As a professional photographer, you created pictures without words. What made you decide to create the words rather than the pictures?
I'm not sure it was really a conscious decision. I sat down to write my first novel during National Novel Writing Month (NaNo), mostly just to see if I could write a novel in thirty days. I was in the midst of a busy wedding photography season and had an idea to write about a wedding photographer with a broken heart, who was surrounded by happy couples. What happened during those thirty days was that I fell in love with writing. It made me happier than my photography ever had, and that's saying a lot, because I love photography.
When did you actually start writing your first book? Is that the one you first published?
I began writing my first book on November 1, 2008 during NaNoWriMo and finished the first draft twenty-six days later. But that book was actually not the first one I published. I decided to publish The Truth About Drew first, which I wrote for NaNoWriMo in 2009.
How long did it actually take you to write it? How many rewrites did you do?
The Truth About Drew took a month to write (November 2009). I think I went through three drafts of that novel before getting it to the final edits.
Who encouraged you along the way?
My biggest encouragements came from my husband, who read an early draft on an airplane and tried not to cry in front of the stranger seated next to him, and my mother-in-law, who emailed me when she finished reading it to tell me she would personally kick my butt if I didn't publish it.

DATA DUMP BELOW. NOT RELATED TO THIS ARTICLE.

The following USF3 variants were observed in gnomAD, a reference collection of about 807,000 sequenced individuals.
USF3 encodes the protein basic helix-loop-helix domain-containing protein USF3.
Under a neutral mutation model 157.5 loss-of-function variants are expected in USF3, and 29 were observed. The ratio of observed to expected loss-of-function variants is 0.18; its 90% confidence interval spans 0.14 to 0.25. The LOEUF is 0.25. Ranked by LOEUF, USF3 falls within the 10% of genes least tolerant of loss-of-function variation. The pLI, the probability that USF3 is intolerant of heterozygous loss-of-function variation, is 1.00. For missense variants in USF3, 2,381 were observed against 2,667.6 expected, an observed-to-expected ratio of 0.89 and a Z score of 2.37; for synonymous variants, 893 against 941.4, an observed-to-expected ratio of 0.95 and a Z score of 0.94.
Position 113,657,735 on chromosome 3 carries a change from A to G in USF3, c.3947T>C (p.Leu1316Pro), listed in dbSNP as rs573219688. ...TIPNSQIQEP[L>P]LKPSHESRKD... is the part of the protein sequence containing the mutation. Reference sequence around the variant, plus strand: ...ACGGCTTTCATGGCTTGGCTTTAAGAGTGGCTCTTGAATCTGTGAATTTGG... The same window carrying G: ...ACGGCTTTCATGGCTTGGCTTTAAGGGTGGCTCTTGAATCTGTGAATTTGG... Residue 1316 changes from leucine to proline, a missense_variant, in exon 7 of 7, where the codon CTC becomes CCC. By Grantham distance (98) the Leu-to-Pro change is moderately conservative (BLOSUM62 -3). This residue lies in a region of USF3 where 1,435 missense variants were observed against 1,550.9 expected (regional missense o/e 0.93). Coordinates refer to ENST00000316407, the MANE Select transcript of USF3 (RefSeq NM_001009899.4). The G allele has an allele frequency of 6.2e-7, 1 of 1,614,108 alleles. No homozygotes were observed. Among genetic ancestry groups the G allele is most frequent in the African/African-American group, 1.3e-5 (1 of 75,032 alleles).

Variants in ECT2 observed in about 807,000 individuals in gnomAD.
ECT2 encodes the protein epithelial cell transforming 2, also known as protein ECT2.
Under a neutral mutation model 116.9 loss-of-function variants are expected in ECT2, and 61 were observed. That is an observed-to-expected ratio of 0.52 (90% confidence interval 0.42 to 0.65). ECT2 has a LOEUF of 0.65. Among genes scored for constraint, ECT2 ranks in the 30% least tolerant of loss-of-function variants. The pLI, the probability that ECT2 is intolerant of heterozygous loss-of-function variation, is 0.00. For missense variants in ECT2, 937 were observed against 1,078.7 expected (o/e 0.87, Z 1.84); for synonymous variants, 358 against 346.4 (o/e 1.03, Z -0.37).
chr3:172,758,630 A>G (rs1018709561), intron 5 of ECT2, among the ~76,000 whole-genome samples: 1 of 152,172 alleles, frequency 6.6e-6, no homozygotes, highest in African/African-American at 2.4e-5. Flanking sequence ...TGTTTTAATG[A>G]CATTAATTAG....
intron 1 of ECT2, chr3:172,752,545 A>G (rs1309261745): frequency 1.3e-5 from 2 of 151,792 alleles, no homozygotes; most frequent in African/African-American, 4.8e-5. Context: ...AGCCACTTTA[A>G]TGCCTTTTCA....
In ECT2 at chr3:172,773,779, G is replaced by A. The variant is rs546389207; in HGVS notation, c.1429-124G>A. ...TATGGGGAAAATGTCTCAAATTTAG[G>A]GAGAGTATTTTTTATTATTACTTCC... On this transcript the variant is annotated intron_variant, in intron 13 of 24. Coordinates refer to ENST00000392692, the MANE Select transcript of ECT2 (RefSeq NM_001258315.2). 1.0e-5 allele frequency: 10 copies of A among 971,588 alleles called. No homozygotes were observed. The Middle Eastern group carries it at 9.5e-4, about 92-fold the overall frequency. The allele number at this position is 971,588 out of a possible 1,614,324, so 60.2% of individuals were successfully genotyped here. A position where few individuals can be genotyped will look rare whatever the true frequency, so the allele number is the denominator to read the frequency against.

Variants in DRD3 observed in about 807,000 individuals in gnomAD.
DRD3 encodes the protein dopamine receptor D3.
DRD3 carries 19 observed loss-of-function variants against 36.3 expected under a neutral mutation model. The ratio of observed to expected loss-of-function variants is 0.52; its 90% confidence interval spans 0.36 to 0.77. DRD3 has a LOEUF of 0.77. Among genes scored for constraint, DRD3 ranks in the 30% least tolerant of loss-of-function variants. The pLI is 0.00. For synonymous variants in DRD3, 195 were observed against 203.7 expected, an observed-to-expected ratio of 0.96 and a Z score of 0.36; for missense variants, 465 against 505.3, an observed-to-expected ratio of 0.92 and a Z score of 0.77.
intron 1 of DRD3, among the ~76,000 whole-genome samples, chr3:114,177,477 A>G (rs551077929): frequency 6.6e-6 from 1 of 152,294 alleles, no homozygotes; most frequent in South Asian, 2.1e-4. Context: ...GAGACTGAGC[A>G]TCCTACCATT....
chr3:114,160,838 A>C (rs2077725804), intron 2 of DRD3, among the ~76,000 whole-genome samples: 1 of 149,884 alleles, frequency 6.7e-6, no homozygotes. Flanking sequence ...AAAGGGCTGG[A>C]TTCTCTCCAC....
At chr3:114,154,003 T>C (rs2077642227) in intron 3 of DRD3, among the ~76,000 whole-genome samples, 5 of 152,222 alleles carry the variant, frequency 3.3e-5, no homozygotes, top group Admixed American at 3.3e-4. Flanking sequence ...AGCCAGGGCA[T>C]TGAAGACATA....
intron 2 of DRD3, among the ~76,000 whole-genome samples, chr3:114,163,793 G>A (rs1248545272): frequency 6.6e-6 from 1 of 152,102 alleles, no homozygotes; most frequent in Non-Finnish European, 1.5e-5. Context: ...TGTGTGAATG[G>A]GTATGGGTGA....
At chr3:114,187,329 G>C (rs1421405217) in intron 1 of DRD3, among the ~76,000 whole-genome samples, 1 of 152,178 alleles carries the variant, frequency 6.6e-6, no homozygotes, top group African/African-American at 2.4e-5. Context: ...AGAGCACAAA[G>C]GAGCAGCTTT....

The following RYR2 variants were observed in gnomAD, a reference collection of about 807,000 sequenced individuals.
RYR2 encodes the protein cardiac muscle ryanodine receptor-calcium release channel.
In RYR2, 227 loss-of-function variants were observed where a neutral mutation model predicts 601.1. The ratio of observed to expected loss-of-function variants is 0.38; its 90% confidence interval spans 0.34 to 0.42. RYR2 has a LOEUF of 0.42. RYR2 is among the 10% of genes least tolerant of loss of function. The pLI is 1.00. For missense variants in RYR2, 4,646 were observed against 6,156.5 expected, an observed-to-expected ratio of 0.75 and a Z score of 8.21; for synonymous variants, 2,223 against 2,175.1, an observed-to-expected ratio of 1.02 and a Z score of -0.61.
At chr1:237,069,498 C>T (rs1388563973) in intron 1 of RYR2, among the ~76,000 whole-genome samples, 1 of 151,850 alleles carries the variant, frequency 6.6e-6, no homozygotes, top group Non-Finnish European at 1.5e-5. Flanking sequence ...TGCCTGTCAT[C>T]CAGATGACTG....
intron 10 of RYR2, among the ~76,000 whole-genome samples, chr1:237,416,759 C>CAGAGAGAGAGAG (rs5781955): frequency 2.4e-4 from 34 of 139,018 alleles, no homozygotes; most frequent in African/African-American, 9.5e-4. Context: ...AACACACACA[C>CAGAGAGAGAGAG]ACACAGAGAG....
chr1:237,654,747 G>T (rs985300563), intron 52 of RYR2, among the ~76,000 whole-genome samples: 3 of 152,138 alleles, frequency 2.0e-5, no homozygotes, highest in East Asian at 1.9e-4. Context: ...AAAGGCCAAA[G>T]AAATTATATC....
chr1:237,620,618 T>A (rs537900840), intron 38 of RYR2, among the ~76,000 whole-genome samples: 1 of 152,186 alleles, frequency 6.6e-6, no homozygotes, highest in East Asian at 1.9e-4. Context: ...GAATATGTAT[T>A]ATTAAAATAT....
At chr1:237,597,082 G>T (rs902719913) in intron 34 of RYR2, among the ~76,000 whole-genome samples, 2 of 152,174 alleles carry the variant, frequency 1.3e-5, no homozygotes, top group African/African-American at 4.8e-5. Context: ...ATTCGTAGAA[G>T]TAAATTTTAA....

Prior to publishing your two current novels, did you have other publishing credits? Who helped you edit your books?
My two novels are my only publishing credits so far. I did all the initial editing myself and had a few trusted writer friends look it over. Then I went over it several more times with a fine tooth comb. It was a long process, but worth it in the end.
Are you active with any writing groups?
I'm a member of a group of indie authors, who write clean fiction (no explicit sex, violence, or language in our novels), and their support has been wonderful.
You’ve said NaNoWriMo inspired you to get serious about your writing. What did you learn from that experience?
I participated in NaNoWriMo twice - in 2008 and 2009. At first, I did it just to see if I could. My husband had participated and I was curious. Could I write a novel in a month's time? I went for it and wrote what eventually became Goodbye, Magnolia.
The following year, I did it again and that book became The Truth About Drew. The biggest thing I learned from NaNoWriMo was to get the idea out of your head and onto the page. That first draft will inevitably need a lot of work, but the basics of the story will be there.
You have written both a YA novel and a contemporary romance novel. Why two different genres? Do you have a preference of one over another?
I enjoy reading many different genres, and it's the same with my writing. I loved writing both romance and YA, and I hope to venture into some other genres in the future. The ideas are flowing, and I've got a couple book ideas in Historical Romance and Dystopian.
What do you want readers to take away from your stories?
All of my novels have a message of faith, and I hope that will be encouraging and hopeful to my readers.
What made you decide to go the indie-publishing route? Did you pitch traditional publishers or agents?